Let the used-boat buyer beware

Having trouble putting bass in the boat? Try this new technique, and you won’t for very long.

In some parts of the country, the boating season doesn’t begin until the ice melts off and the lakes become liquid again.

Here in South Louisiana, we are not limited by such conditions as frozen lakes, but our boating season doesn’t seem to get into full swing until after several events have occurred.

In January, the New Orleans Boat Show was held in the convention center. In February the greatest free show on earth, Mardi Gras was celebrated, and most recently in March, many of you attended the Louisiana Sportsmen’s Show.

Each year, many potential boat owners attend the New Orleans Boat Show and/or The Louisiana Sportsmen’s Show in the hopes of finding a special buy on a new rig, but sometimes a new boat is just not possible.

Provided you investigate and shop smart, the next best thing may be a pre-owned boat. Just remember that the current owner is not going to tell you about all the flaws that your prospective new boat has, but rest assured, he will give you glowing tales of how wonderful this boat has been.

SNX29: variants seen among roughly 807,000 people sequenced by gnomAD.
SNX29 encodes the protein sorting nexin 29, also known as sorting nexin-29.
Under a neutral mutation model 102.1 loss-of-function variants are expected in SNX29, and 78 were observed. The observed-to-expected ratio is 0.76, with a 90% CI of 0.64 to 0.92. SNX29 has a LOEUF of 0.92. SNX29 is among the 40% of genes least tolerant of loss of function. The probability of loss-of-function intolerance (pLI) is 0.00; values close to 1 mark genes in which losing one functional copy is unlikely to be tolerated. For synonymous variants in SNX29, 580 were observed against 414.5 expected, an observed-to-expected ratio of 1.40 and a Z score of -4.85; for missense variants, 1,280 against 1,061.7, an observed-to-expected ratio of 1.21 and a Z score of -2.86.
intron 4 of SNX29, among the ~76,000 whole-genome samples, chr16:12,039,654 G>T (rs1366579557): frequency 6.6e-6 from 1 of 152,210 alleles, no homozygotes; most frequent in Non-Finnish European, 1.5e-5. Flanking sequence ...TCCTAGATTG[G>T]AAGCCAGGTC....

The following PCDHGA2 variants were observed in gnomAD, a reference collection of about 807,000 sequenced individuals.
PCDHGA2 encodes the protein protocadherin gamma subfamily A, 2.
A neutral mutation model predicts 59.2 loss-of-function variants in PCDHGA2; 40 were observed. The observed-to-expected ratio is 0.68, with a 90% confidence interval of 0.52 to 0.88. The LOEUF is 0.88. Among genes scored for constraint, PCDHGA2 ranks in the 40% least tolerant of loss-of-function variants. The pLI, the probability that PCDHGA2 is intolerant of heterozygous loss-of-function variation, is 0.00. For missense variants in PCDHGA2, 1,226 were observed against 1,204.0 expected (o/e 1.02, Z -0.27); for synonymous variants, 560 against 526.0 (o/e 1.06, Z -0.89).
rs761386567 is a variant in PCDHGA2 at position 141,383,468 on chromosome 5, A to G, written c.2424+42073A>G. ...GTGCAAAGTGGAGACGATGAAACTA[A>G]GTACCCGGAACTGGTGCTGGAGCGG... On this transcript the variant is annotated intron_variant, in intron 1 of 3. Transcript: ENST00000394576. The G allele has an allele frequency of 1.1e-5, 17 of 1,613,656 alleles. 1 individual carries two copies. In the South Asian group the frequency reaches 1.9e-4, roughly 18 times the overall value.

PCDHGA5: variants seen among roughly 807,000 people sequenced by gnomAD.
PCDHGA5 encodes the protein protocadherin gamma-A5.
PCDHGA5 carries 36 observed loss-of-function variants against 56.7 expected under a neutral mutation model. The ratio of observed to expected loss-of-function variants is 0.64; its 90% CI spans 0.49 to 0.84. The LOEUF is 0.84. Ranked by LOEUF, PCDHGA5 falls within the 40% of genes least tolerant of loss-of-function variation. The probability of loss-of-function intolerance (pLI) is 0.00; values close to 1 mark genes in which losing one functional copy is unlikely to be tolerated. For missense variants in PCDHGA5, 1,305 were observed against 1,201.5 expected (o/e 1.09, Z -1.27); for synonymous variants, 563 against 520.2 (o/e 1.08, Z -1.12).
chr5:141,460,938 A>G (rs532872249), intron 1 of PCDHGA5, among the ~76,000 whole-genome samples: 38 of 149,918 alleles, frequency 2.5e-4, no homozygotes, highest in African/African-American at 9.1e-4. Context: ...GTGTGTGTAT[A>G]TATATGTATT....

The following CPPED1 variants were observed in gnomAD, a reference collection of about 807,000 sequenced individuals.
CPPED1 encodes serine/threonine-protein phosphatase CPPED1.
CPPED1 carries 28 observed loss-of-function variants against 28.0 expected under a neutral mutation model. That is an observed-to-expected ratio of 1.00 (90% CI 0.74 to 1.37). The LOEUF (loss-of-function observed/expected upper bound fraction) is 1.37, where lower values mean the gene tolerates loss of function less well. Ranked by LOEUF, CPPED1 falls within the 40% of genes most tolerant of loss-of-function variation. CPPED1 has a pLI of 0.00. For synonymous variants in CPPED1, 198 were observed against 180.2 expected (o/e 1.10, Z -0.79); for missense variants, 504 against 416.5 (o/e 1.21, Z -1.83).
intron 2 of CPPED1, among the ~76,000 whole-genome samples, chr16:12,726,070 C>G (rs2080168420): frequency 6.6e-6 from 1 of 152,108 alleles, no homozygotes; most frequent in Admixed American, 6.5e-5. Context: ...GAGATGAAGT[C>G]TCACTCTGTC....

It is up to you to investigate this boat and discover as much information as possible to help you make the decision to buy or not buy.

Before you look at the first boat, you should sit down and decide what type of boating you will be doing. Do you want a fishing boat, a cruiser or maybe a ski boat? Will you be an inland boater, or is the deep blue sea your destination of choice? How many passengers are you likely to have on an average boating trip?

All of these questions will help you to zero in on the boat that will best suit your needs and desires.

Once you have chosen a specific type of boat, you are ready to begin looking. I always like to start with the most obvious — the cosmetic appearance of the boat. Simply put, if it looks like a pile of garbage, it probably is a pile of garbage. Boats that have suffered severe cases of piling rash, the color of the boat is faded, and there are several deep scratches and gouges in the hull have usually been neglected mechanically as well.